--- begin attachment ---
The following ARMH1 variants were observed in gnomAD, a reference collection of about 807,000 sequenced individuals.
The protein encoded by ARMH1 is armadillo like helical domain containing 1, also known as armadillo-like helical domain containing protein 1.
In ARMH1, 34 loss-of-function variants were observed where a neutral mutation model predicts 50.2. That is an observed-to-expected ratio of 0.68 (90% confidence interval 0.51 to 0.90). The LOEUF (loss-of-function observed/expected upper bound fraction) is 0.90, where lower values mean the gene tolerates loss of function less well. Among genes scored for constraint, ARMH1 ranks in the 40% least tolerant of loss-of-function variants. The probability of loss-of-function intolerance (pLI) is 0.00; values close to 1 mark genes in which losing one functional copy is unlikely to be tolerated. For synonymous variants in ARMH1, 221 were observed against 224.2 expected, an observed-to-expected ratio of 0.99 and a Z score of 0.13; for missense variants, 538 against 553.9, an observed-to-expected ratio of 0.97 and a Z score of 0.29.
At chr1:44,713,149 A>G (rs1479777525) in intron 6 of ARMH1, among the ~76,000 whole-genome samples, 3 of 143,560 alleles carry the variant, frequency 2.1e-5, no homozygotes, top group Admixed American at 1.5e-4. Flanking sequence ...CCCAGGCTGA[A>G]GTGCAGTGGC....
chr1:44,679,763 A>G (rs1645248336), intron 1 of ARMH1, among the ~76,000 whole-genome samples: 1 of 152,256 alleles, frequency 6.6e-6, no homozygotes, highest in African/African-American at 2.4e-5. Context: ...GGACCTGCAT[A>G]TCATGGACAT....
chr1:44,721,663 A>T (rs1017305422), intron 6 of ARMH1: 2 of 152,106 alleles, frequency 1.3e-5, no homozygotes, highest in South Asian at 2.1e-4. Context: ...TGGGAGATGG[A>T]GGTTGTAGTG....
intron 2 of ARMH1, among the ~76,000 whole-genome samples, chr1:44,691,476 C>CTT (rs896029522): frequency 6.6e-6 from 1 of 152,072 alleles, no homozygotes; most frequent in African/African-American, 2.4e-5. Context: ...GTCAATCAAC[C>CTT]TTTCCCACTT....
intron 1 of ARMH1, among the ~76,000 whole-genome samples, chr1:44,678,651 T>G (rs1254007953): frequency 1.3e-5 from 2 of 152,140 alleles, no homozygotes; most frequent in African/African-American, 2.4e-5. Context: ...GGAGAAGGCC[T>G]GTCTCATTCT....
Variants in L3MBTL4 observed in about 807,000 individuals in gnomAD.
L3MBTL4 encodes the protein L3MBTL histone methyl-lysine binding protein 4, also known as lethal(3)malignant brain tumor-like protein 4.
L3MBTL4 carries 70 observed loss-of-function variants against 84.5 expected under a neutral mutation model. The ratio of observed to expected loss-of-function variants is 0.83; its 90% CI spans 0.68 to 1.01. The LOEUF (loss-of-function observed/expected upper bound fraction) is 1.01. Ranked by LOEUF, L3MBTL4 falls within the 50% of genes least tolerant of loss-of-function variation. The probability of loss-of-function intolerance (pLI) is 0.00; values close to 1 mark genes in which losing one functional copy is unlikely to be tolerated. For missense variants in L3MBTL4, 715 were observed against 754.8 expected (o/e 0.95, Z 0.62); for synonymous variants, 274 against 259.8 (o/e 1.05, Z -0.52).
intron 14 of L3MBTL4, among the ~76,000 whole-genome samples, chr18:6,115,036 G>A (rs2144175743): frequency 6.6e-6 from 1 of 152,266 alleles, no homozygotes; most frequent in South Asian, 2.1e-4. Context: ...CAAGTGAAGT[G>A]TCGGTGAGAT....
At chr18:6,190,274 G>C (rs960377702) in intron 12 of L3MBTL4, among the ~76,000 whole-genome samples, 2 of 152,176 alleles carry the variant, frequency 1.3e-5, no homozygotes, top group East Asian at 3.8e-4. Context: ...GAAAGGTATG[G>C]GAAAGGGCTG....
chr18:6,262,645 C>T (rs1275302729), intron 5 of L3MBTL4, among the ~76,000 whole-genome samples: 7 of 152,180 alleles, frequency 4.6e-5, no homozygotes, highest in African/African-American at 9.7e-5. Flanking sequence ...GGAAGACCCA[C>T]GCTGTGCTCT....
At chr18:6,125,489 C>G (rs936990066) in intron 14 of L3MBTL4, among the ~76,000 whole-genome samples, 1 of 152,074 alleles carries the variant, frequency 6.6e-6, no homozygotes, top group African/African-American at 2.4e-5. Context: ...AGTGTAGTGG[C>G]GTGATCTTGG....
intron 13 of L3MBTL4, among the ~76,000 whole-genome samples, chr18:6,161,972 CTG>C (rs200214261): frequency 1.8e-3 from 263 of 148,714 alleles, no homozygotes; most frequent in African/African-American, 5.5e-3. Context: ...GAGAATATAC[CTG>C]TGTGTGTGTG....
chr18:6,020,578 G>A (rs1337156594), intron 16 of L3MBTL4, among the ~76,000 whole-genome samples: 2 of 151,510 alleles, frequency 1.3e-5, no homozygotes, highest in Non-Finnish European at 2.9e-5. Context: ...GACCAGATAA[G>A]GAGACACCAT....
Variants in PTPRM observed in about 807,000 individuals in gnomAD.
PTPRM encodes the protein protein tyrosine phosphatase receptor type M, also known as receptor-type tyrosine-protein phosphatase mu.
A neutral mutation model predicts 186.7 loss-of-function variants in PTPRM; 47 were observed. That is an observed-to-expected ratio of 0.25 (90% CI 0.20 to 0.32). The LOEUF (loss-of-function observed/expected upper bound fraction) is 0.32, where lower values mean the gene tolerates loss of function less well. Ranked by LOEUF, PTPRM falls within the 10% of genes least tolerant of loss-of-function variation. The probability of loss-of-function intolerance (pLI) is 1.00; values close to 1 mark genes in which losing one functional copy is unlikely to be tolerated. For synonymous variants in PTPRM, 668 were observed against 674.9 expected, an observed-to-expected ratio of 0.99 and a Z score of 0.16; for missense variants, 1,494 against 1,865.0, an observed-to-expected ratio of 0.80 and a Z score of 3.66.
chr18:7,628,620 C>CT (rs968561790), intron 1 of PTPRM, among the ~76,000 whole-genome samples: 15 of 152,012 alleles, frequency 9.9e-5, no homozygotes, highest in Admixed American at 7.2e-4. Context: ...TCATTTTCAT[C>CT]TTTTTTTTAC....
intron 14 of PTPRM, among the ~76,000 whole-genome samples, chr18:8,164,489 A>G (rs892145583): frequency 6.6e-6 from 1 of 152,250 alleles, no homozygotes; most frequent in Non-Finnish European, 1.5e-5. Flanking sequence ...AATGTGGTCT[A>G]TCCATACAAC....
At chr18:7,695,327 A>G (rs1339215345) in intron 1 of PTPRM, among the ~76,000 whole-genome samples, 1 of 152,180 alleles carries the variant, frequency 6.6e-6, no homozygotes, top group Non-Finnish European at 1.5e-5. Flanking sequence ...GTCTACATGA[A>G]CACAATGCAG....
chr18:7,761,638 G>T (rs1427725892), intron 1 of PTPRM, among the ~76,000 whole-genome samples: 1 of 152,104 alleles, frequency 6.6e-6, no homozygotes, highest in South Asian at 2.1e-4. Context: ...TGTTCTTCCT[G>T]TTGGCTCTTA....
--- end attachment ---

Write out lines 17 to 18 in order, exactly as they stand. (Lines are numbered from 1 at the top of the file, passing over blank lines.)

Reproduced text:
chr18:6,020,578 G>A (rs1337156594), intron 16 of L3MBTL4, among the ~76,000 whole-genome samples: 2 of 151,510 alleles, frequency 1.3e-5, no homozygotes, highest in Non-Finnish European at 2.9e-5. Context: ...GACCAGATAA[G>A]GAGACACCAT....
Variants in PTPRM observed in about 807,000 individuals in gnomAD.